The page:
Monday kicked off the final round of group stage games in Brazil, which meant we all had to suddenly change the way we watch the World Cup.

Gone are the marvelous triple-headers that distracted us from our work occupied us throughout each day. Arrived is carpal tunnel syndrome, a side-effect from the frantic remote-clicking that comes with the trouble of trying to watch two games simultaneously (If you’re not one of the lucky ones with two-monitor set-ups at home or in the office). Still worth it.

Though we have slightly less football to watch, Monday certainly didn’t disappoint. Here is “The Good, The Bad and The Ugly” from Day 12:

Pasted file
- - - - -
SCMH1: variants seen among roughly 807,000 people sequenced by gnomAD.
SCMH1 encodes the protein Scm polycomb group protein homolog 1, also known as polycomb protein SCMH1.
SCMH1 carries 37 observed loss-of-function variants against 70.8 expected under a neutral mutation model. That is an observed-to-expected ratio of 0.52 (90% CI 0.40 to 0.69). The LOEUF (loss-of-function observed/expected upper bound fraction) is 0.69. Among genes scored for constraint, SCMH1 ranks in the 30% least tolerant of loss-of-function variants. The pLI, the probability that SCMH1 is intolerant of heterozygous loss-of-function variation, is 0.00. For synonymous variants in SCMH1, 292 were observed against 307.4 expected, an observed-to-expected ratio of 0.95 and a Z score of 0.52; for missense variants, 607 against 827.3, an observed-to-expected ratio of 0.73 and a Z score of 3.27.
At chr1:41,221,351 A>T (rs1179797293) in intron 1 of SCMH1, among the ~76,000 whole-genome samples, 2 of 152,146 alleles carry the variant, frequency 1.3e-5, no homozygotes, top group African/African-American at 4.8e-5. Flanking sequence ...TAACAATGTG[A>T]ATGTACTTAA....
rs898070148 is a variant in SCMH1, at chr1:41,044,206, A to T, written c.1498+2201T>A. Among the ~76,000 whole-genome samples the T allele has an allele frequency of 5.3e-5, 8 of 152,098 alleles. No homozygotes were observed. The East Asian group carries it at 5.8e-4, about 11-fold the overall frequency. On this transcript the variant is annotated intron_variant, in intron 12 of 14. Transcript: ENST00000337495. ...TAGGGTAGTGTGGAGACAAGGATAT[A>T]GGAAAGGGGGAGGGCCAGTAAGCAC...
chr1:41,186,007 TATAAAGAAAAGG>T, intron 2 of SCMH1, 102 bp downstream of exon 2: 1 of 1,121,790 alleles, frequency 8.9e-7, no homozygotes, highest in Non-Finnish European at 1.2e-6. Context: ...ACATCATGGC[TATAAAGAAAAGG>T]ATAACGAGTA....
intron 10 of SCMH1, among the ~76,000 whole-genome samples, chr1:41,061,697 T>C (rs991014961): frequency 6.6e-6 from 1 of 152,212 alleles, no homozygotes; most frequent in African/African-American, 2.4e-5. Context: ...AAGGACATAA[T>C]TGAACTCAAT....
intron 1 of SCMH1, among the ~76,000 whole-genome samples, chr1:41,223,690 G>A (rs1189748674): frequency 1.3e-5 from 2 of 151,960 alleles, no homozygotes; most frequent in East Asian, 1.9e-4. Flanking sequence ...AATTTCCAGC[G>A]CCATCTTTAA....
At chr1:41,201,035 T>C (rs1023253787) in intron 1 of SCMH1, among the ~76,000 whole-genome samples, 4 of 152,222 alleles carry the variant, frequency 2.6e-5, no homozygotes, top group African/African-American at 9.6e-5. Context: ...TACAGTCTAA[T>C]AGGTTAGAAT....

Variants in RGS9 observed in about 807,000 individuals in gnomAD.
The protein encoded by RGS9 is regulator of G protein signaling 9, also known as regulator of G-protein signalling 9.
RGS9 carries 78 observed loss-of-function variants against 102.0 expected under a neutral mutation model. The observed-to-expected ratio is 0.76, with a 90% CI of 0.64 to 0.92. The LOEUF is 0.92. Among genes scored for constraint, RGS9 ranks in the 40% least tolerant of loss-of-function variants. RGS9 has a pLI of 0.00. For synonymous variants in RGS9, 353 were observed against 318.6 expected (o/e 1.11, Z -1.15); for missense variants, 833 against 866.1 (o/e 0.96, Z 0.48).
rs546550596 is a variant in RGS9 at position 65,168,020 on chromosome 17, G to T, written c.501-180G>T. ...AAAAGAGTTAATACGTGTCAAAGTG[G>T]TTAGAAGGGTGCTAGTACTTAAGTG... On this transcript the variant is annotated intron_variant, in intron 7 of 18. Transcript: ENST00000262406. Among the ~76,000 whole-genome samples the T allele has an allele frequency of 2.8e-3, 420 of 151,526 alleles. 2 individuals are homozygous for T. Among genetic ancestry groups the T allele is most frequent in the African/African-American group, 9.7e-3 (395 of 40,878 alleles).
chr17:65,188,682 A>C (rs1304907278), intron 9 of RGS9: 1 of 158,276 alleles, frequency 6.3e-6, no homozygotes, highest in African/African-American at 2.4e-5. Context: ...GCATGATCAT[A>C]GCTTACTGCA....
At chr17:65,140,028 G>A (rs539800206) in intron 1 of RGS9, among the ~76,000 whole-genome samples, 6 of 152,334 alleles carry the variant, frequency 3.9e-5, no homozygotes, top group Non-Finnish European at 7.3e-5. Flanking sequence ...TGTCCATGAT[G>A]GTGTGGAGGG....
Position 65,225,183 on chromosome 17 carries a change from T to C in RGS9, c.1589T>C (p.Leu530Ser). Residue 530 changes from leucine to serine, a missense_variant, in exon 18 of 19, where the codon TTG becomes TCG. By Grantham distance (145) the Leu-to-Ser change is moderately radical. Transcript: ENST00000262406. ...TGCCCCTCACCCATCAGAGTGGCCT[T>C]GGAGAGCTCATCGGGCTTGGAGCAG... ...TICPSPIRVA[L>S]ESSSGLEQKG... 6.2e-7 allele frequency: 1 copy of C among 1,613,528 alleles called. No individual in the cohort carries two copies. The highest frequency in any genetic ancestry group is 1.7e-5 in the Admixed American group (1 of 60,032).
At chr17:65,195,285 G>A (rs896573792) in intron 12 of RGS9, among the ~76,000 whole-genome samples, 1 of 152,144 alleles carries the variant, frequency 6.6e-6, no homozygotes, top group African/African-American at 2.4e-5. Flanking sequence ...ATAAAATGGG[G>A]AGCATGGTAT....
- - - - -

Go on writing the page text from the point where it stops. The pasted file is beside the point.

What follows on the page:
THE GOOD

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With apologies to Neymar, Monday was all about one person: Mexico coach Miguel Herrera. If you’re not a fan of this contagiously passionate and charming, triple-chinned man, you most likely don’t have a soul.

Herrera, for those who don’t recall, became El Tri’s fourth manager in the span of just six weeks last October, after his three predecessors combined to put Mexico on the brink of failing to even qualify for this summer’s extravaganza.

Herrera stepped in and helped secure El Tri’s ticket to Brazil in a playoff against New Zealand, and the team has never looked back since. On Monday, Herrera led his country to its sixth straight World Cup knockout stage, fist-pumping and player-hugging and shouting all the way. It was glorious. There is no discussion he is the most exciting manager in all of sports, today: